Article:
Gordon is remembered most endearingly as a young boy. He makes his earliest appearance in the Smithkin calendars of 1910 and 1911. Among these delightful and quaintly naive watercolour vignettes we find Gordon in pride of place. In a striped blazer and full of life, he confidently swings a cricket bat or tennis racquet. In other pencil and watercolour studies of the same period the artist focuses on Gordon’s face�– his high forehead and distinctive curl of hair, long eyelashes and sensitive mouth are the charming and easily recognisable characteristics of a much-loved brother. In a pencil study of 1910 he sits awkwardly on a straight-backed chair reading. He is wearing a somewhat crumpled school uniform and sits with one leg resting across the other. It is a drawing of strong and competent line that beautifully captures the ungainliness of a pre-pubescent schoolboy.
Images of family sleeping are perhaps the most engaging of Cossington Smith’s portraits. Madge is the subject of the beautiful charcoal drawing Sleeping sister 1920. One does not wish to disturb her; the introspectiveness and sharp, angular lines of her face softened by sleep. Innocence in repose is most perfectly captured in Cossington Smith’s portraits from 1936 of her newborn nephew, Robert. His soft, rounded head is drawn with a delicate rendering of line and sensitivity of pencil stroke, and the fractured line for the crinkling of the pillow and tufts of hair are exquisite. The addition of velvety pink pencil to his cheek and a touch of red to his tiny lips complete these lovely images.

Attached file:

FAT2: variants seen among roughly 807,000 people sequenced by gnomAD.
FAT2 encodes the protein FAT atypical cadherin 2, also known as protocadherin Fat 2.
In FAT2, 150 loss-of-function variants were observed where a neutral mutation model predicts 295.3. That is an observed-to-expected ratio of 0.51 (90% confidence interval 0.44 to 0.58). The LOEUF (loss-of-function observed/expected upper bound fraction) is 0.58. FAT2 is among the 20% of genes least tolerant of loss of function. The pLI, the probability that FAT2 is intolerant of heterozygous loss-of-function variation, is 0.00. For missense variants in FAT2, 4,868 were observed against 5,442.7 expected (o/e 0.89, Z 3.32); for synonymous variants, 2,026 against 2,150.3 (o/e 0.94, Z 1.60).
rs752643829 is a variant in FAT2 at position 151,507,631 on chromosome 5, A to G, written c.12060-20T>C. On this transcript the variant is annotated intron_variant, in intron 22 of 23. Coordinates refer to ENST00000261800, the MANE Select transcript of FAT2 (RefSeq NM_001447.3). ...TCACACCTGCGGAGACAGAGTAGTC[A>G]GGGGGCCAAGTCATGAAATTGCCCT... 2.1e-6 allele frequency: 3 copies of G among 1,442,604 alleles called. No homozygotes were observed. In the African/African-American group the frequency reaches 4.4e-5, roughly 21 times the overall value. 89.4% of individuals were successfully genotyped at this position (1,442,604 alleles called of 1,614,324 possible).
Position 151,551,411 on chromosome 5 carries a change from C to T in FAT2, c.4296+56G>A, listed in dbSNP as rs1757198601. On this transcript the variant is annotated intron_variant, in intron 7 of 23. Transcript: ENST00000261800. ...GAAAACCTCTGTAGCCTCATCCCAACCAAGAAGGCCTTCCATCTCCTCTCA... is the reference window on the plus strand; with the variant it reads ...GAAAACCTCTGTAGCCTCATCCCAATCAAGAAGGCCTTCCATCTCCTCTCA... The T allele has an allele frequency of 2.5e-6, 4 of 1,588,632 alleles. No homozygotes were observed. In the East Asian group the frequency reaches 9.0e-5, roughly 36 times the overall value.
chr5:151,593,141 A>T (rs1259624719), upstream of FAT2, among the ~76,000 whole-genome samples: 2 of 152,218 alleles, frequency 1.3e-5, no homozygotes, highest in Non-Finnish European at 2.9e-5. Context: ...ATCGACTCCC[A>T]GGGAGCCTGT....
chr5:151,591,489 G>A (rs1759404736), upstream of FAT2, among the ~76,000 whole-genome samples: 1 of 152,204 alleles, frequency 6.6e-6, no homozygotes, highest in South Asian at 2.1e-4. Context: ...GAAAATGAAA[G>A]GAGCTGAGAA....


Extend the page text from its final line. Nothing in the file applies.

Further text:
Unexpectedly, it is a superbly rendered drawing of coats, bags and dog leads draped loosely over hooks on the back of a door that provides the most palpable image of those most dear to Grace Cossington Smith. The coats, with their soft folds still warm from the owner’s body, bear the imprint of Ernest and Gordon returned home safely from a day at the office or school. And one can imagine the much-loved pet, tired after a walk with Madge, now curled up on her lap or sound asleep by Diddy’s feet as Cossington Smith sits nearby, drawing intently on another page in another sketchbook.